Duterte Volunteers to Publicly Inject Putin's Free COVID-19 Vaccine

Philippines President Rodrigo Duterte says his country has been offered a Russian coronavirus vaccine—seemingly for free. He himself has committed to being injected with the product to prove to citizens it is safe.

Duterte said in a televised address Monday that Russian President Vladimir Putin had offered to provide the Philippines with a COVID-19 vaccine, and expressed his support for the product being produced in Moscow.

"I will tell President Putin that I have great trust in your studies in combatting [COVID-19] and I believe that the vaccine that you have produced is really good for humanity," he told viewers.

The controversial president—who last month falsely claimed that face masks could be disinfected by dipping them in gasoline—also said he would be among the first to take the vaccine to prove it is safe for his citizens.

"When it comes to public vaccination—so no one will doubt—I will get injected in public," he said in his Monday address. "I will be the first to get experimented on."

Duterte did not go into detail on the vaccine Russia offered, but Moscow's Gamaleya Institute is working to produce a COVID-19 treatment and distribute it widely by the fall. Bloomberg reported last month that some government officials, oligarchs and Gamaleya staff have already received the experimental vaccine.

The Gamaleya vaccine is being backed by the military and funded by the state-run Russian Direct Investment Fund. The Kremlin denied Putin reports has already received the vaccine, with spokesperson Dmitry Peskov suggesting it would unwise to inject the president with an unproven treatment.

The Gamaleya vaccine has completed its phase 1 trial involving some 40 Russian military personnel. Results of phase 1 have not yet been published, but the next stage of the trial has already begun.

Duterte suggested the Russian vaccine would be donated to the Philippines rather than bought, but did not go into detail as to his conversations with Putin. "They want to provide a vaccine. They didn't say, 'pay for it.' I think this is help from President Putin, free," he explained.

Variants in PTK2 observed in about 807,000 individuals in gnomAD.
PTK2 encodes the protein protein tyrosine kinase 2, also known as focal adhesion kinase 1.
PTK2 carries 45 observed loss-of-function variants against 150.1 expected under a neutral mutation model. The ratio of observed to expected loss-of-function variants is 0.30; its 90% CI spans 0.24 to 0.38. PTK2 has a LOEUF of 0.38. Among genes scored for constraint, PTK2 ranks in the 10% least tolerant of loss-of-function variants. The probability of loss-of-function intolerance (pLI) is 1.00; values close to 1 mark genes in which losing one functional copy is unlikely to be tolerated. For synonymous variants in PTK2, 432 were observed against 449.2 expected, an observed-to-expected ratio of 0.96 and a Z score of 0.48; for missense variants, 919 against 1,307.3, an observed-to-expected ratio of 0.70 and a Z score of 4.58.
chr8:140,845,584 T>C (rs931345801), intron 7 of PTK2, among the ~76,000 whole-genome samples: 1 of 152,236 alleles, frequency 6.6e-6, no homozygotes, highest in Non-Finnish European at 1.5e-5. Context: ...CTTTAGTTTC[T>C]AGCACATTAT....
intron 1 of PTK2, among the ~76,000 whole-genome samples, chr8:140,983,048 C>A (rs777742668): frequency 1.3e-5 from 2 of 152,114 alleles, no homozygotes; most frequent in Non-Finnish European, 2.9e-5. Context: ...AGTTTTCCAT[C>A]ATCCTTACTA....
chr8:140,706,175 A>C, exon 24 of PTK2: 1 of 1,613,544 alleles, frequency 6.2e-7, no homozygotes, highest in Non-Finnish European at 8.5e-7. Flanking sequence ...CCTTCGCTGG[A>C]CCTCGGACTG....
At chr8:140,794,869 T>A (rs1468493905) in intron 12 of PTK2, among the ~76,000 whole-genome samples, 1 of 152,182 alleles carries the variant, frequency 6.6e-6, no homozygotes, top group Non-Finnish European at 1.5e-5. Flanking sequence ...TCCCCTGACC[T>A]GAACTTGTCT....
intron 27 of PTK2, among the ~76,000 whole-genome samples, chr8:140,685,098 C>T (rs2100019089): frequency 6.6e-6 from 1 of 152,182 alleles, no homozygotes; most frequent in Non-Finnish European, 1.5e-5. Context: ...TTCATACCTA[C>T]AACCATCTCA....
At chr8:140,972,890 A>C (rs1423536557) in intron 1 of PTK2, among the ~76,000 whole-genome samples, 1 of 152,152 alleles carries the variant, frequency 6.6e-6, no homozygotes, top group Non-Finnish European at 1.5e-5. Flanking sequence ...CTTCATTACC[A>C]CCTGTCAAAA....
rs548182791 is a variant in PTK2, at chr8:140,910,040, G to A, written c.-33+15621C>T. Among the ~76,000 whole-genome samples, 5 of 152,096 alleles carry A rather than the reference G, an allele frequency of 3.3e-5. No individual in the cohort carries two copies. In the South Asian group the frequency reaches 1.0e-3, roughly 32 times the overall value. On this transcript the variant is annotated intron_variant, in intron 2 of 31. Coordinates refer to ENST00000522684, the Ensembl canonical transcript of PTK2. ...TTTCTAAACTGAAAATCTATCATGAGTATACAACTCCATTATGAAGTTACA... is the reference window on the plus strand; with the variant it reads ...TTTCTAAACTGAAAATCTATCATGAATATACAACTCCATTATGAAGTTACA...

Russian officials plan to approve the vaccine this month and begin a mass vaccination program in October. Other nations in line to receive the Gamaleya vaccine include Saudi Arabia and the United Arab Emirates.

But some health experts have warned the Russian vaccine may not be safe. Anthony Fauci, the director of the National Institutes of Allergy and Infectious Diseases, hinted this week that Russian and Chinese authorities may be cutting corners in the race for a vaccine.

"I do hope that the Chinese and the Russians are actually testing a vaccine before they are administering the vaccine to anyone," he said in response to the Russian plan to approve its vaccine this month. "Claims of having a vaccine ready to distribute before you do testing I think is problematic at best," he said.

Russia, coronavirus, vaccine, Rodrigo Duterte, Philippines, Putin
An employee is pictured at the production line of Russia's biotech company BIOCAD, which is developing a coronavirus vaccine, at a research center in Siberia, Vektor, in Strelna on May 20, 2020. OLGA MALTSEVA/AFP via Getty Images/Getty